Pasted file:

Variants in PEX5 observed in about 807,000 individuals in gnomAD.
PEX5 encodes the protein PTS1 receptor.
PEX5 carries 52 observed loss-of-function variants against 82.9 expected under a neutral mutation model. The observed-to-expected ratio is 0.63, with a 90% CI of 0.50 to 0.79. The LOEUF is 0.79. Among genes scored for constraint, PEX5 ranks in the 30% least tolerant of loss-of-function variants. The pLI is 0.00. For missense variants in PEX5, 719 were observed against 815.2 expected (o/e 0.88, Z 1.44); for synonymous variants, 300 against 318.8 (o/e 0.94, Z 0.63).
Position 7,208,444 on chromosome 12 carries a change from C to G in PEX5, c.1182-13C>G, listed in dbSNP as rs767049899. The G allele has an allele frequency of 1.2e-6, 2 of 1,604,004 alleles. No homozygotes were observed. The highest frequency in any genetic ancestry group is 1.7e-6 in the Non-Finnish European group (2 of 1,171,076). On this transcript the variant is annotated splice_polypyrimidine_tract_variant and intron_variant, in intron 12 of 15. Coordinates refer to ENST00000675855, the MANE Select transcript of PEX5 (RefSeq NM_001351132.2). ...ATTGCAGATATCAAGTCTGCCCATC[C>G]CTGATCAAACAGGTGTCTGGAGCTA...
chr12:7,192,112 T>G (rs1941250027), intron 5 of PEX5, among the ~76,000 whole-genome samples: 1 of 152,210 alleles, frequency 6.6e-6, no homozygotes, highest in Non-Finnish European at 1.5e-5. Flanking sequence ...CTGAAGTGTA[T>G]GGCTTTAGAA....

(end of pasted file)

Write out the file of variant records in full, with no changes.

Variants in PEX5 observed in about 807,000 individuals in gnomAD.
PEX5 encodes the protein PTS1 receptor.
PEX5 carries 52 observed loss-of-function variants against 82.9 expected under a neutral mutation model. The observed-to-expected ratio is 0.63, with a 90% CI of 0.50 to 0.79. The LOEUF is 0.79. Among genes scored for constraint, PEX5 ranks in the 30% least tolerant of loss-of-function variants. The pLI is 0.00. For missense variants in PEX5, 719 were observed against 815.2 expected (o/e 0.88, Z 1.44); for synonymous variants, 300 against 318.8 (o/e 0.94, Z 0.63).
Position 7,208,444 on chromosome 12 carries a change from C to G in PEX5, c.1182-13C>G, listed in dbSNP as rs767049899. The G allele has an allele frequency of 1.2e-6, 2 of 1,604,004 alleles. No homozygotes were observed. The highest frequency in any genetic ancestry group is 1.7e-6 in the Non-Finnish European group (2 of 1,171,076). On this transcript the variant is annotated splice_polypyrimidine_tract_variant and intron_variant, in intron 12 of 15. Coordinates refer to ENST00000675855, the MANE Select transcript of PEX5 (RefSeq NM_001351132.2). ...ATTGCAGATATCAAGTCTGCCCATC[C>G]CTGATCAAACAGGTGTCTGGAGCTA...
chr12:7,192,112 T>G (rs1941250027), intron 5 of PEX5, among the ~76,000 whole-genome samples: 1 of 152,210 alleles, frequency 6.6e-6, no homozygotes, highest in Non-Finnish European at 1.5e-5. Flanking sequence ...CTGAAGTGTA[T>G]GGCTTTAGAA....